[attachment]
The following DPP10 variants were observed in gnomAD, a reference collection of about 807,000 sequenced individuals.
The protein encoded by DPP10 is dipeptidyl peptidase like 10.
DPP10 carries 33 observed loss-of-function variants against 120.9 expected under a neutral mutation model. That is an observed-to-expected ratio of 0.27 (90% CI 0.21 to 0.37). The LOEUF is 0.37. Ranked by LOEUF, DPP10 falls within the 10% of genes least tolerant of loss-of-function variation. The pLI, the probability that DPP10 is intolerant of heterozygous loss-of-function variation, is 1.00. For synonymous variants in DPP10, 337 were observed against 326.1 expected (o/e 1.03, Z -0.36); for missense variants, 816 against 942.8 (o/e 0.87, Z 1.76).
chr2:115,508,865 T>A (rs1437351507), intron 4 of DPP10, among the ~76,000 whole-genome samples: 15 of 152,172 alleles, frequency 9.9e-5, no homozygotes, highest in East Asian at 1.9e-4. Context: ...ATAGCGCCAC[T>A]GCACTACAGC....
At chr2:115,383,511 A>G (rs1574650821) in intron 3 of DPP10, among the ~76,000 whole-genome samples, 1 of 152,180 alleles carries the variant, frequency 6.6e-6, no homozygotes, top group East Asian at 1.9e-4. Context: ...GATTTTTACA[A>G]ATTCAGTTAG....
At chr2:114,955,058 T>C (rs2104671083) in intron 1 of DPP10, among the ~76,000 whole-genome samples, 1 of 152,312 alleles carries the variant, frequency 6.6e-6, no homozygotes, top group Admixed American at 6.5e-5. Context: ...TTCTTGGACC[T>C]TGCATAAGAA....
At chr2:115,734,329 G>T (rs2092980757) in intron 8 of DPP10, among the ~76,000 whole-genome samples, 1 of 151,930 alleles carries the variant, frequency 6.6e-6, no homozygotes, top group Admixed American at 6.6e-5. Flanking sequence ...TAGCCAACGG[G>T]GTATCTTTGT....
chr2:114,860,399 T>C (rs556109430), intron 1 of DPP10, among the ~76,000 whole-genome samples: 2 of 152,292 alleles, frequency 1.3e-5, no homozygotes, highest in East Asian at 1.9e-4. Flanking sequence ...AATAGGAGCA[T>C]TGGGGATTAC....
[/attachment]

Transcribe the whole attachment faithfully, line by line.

The following DPP10 variants were observed in gnomAD, a reference collection of about 807,000 sequenced individuals.
The protein encoded by DPP10 is dipeptidyl peptidase like 10.
DPP10 carries 33 observed loss-of-function variants against 120.9 expected under a neutral mutation model. That is an observed-to-expected ratio of 0.27 (90% CI 0.21 to 0.37). The LOEUF is 0.37. Ranked by LOEUF, DPP10 falls within the 10% of genes least tolerant of loss-of-function variation. The pLI, the probability that DPP10 is intolerant of heterozygous loss-of-function variation, is 1.00. For synonymous variants in DPP10, 337 were observed against 326.1 expected (o/e 1.03, Z -0.36); for missense variants, 816 against 942.8 (o/e 0.87, Z 1.76).
chr2:115,508,865 T>A (rs1437351507), intron 4 of DPP10, among the ~76,000 whole-genome samples: 15 of 152,172 alleles, frequency 9.9e-5, no homozygotes, highest in East Asian at 1.9e-4. Context: ...ATAGCGCCAC[T>A]GCACTACAGC....
At chr2:115,383,511 A>G (rs1574650821) in intron 3 of DPP10, among the ~76,000 whole-genome samples, 1 of 152,180 alleles carries the variant, frequency 6.6e-6, no homozygotes, top group East Asian at 1.9e-4. Context: ...GATTTTTACA[A>G]ATTCAGTTAG....
At chr2:114,955,058 T>C (rs2104671083) in intron 1 of DPP10, among the ~76,000 whole-genome samples, 1 of 152,312 alleles carries the variant, frequency 6.6e-6, no homozygotes, top group Admixed American at 6.5e-5. Context: ...TTCTTGGACC[T>C]TGCATAAGAA....
At chr2:115,734,329 G>T (rs2092980757) in intron 8 of DPP10, among the ~76,000 whole-genome samples, 1 of 151,930 alleles carries the variant, frequency 6.6e-6, no homozygotes, top group Admixed American at 6.6e-5. Flanking sequence ...TAGCCAACGG[G>T]GTATCTTTGT....
chr2:114,860,399 T>C (rs556109430), intron 1 of DPP10, among the ~76,000 whole-genome samples: 2 of 152,292 alleles, frequency 1.3e-5, no homozygotes, highest in East Asian at 1.9e-4. Flanking sequence ...AATAGGAGCA[T>C]TGGGGATTAC....